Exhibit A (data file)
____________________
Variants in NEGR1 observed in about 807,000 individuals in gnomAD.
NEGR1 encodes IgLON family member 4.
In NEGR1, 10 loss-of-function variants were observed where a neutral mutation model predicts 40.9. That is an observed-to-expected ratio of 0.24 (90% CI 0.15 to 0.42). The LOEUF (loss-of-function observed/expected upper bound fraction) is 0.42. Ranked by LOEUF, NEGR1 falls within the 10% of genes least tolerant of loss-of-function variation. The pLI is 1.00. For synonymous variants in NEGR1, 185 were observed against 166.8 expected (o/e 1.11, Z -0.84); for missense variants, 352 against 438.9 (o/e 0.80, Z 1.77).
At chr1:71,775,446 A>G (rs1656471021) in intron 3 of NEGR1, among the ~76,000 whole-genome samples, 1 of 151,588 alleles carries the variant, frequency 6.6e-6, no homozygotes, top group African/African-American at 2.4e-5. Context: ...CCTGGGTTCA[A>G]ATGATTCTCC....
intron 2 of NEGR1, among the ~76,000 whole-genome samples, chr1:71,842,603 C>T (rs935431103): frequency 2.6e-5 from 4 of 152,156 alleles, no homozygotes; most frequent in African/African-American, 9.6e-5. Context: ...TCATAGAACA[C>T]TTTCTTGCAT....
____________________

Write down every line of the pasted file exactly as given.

Variants in NEGR1 observed in about 807,000 individuals in gnomAD.
NEGR1 encodes IgLON family member 4.
In NEGR1, 10 loss-of-function variants were observed where a neutral mutation model predicts 40.9. That is an observed-to-expected ratio of 0.24 (90% CI 0.15 to 0.42). The LOEUF (loss-of-function observed/expected upper bound fraction) is 0.42. Ranked by LOEUF, NEGR1 falls within the 10% of genes least tolerant of loss-of-function variation. The pLI is 1.00. For synonymous variants in NEGR1, 185 were observed against 166.8 expected (o/e 1.11, Z -0.84); for missense variants, 352 against 438.9 (o/e 0.80, Z 1.77).
At chr1:71,775,446 A>G (rs1656471021) in intron 3 of NEGR1, among the ~76,000 whole-genome samples, 1 of 151,588 alleles carries the variant, frequency 6.6e-6, no homozygotes, top group African/African-American at 2.4e-5. Context: ...CCTGGGTTCA[A>G]ATGATTCTCC....
intron 2 of NEGR1, among the ~76,000 whole-genome samples, chr1:71,842,603 C>T (rs935431103): frequency 2.6e-5 from 4 of 152,156 alleles, no homozygotes; most frequent in African/African-American, 9.6e-5. Context: ...TCATAGAACA[C>T]TTTCTTGCAT....